Portland store shuts down, posts blistering note on front door slamming rampant crime: ‘city is in peril’. The store owner says business can’t operate ‘in our city’s current state’.
A Portland, Oregon, clothing shop permanently shut down this month after facing a string of break-ins that has left the store financially gutted, according to a note posted to the front of the store.
“Our city is in peril,” a printed note posted on Rains PDX store reads, according to KATU2. “Small businesses (and large) cannot sustain doing business, in our city’s current state. We have no protection, or recourse, against the criminal behavior that goes unpunished. Do not be fooled into thinking that insurance companies cover losses. We have sustained 15 break-ins … we have not received any financial reimbursement since the 3rd.”
The store’s owner Marcy Landolfo said that after 15 break-ins over the last year and a half, the business can’t survive the financial burdens the crimes have cost the shop.
“The problem is, as small businesses, we cannot sustain those types of losses and stay in business. I won’t even go into the numbers of how much has been out of pocket,” she said.
“The products that are being targeted are the very expensive winter products and I just felt like the minute I get those in the store they’re going to get stolen,” Landolfo continued to KATU2.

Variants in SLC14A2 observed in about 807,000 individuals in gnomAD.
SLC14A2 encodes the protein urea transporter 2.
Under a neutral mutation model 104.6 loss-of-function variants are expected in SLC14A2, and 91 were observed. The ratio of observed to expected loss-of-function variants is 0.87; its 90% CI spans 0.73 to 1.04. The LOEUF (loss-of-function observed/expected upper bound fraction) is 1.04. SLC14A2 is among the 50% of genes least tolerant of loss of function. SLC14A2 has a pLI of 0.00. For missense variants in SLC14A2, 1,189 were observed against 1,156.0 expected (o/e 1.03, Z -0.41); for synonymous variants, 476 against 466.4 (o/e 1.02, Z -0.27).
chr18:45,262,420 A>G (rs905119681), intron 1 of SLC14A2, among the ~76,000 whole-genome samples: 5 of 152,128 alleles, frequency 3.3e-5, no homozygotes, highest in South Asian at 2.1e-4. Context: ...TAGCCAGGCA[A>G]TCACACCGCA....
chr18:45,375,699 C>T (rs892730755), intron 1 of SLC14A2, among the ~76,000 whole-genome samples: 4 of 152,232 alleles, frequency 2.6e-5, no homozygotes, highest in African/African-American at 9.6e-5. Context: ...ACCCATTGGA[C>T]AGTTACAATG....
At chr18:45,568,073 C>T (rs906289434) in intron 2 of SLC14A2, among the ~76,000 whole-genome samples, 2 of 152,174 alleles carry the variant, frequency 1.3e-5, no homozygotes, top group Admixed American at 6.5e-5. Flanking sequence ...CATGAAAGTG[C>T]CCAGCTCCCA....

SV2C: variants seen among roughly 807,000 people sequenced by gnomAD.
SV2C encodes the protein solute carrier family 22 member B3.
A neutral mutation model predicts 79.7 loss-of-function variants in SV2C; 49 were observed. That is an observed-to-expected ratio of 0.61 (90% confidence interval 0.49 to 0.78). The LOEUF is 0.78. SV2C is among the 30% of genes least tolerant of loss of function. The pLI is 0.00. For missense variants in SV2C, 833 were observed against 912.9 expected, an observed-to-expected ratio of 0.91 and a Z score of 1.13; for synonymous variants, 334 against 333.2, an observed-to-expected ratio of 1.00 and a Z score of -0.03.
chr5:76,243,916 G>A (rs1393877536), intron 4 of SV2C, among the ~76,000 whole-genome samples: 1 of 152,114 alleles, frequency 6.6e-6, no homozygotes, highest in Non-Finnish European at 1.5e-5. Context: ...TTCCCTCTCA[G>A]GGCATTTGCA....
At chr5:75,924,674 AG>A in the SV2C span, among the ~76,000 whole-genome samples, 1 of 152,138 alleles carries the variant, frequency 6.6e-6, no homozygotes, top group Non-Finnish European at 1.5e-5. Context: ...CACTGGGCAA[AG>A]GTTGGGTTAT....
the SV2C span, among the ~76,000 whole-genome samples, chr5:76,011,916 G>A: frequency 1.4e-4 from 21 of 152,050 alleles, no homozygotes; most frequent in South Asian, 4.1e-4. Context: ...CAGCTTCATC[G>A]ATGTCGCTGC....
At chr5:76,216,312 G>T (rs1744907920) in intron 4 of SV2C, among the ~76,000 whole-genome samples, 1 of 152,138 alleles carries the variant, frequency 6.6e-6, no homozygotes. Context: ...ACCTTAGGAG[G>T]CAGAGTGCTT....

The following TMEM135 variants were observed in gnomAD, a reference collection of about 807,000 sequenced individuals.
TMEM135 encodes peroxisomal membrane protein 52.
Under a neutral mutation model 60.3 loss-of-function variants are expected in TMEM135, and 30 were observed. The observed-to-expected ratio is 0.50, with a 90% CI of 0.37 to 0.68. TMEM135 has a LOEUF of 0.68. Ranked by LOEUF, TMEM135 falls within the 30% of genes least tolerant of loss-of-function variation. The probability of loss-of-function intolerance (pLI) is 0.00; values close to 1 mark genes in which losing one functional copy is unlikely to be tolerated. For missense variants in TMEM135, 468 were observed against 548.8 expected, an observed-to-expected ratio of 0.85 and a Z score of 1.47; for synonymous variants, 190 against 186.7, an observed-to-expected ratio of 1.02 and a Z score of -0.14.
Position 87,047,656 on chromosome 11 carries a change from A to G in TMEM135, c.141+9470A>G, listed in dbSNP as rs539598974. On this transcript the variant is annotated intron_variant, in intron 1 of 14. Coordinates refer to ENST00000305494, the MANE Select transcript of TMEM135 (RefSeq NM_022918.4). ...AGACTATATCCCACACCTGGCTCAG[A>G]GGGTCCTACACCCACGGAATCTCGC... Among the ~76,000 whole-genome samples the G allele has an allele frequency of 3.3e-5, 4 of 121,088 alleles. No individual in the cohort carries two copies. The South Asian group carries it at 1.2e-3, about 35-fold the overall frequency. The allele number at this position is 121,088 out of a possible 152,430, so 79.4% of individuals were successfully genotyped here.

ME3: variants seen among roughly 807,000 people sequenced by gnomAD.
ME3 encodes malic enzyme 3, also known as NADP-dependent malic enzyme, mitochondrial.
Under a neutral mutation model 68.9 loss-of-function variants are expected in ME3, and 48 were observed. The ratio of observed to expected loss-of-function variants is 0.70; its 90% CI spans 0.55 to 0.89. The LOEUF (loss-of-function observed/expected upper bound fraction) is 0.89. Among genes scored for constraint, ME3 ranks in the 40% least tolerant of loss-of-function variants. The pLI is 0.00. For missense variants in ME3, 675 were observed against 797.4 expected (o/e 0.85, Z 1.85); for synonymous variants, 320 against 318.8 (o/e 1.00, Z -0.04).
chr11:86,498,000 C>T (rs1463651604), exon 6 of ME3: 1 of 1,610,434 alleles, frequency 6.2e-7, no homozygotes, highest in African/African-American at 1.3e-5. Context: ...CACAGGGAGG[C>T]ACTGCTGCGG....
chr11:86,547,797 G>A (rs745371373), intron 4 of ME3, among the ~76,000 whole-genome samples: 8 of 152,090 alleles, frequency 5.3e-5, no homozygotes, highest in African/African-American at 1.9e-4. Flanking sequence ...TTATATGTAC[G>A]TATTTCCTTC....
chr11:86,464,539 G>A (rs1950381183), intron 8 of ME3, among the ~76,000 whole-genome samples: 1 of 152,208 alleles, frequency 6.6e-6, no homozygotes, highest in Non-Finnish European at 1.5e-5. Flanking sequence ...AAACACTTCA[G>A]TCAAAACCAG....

The message posted to the front store noted that the shop is closing down due to the “unrelenting criminal behavior,” “coupled with escalating safety issues for our employees.”
The owner at Rains tells me after five break-ins in about three weeks, she made the sudden decision to permanently close. Staff here are putting pressure on the city to look after small businesses dealing with ongoing challenges with crime. pic.twitter.com/XyP2p6PR6W
— Megan Allison (@mallisonKATU) November 26, 2022
When Rains faced a break-in last month, according to KATU 2, Mayor Ted Wheeler’s office said they were working on a plan to better financially assist business owners who needed to repair their shops.
But Landolfo said that isn’t enough to address crime in the city.
“Paying for glass that’s great, but that is so surface and does nothing for the root cause of the problem, so it’s never going to change,” she said.